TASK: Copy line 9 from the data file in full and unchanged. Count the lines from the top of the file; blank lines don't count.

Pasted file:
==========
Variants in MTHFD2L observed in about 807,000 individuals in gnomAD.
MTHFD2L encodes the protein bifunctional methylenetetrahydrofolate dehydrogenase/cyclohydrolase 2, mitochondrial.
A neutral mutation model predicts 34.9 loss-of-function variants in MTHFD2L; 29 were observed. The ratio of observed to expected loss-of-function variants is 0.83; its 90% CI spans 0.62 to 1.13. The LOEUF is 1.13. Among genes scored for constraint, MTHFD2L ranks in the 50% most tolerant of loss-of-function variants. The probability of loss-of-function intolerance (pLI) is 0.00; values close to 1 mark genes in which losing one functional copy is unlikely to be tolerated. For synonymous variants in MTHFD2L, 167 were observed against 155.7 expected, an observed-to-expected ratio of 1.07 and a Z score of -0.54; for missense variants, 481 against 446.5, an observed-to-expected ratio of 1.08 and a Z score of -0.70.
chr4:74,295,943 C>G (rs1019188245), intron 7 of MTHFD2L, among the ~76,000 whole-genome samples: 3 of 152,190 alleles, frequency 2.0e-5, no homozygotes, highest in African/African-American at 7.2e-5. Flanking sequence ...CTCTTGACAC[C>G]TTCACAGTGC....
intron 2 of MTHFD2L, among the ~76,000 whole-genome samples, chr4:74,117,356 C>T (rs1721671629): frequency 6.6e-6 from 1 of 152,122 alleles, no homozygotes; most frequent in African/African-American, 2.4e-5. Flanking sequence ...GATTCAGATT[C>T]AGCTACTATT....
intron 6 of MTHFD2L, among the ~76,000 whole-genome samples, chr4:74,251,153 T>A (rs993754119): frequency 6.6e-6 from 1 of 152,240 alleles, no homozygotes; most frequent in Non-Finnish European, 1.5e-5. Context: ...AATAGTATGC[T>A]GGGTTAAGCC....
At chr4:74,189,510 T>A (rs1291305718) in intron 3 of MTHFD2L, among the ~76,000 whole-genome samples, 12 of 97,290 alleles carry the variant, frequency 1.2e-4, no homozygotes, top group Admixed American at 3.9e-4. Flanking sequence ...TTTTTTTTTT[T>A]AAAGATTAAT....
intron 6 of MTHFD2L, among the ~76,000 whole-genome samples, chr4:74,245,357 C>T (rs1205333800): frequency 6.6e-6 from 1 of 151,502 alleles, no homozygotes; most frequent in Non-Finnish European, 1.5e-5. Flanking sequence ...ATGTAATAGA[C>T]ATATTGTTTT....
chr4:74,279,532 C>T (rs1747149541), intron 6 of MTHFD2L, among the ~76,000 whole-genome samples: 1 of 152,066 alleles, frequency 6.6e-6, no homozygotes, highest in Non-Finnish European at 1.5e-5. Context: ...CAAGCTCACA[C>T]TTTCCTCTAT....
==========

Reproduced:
chr4:74,279,532 C>T (rs1747149541), intron 6 of MTHFD2L, among the ~76,000 whole-genome samples: 1 of 152,066 alleles, frequency 6.6e-6, no homozygotes, highest in Non-Finnish European at 1.5e-5. Context: ...CAAGCTCACA[C>T]TTTCCTCTAT....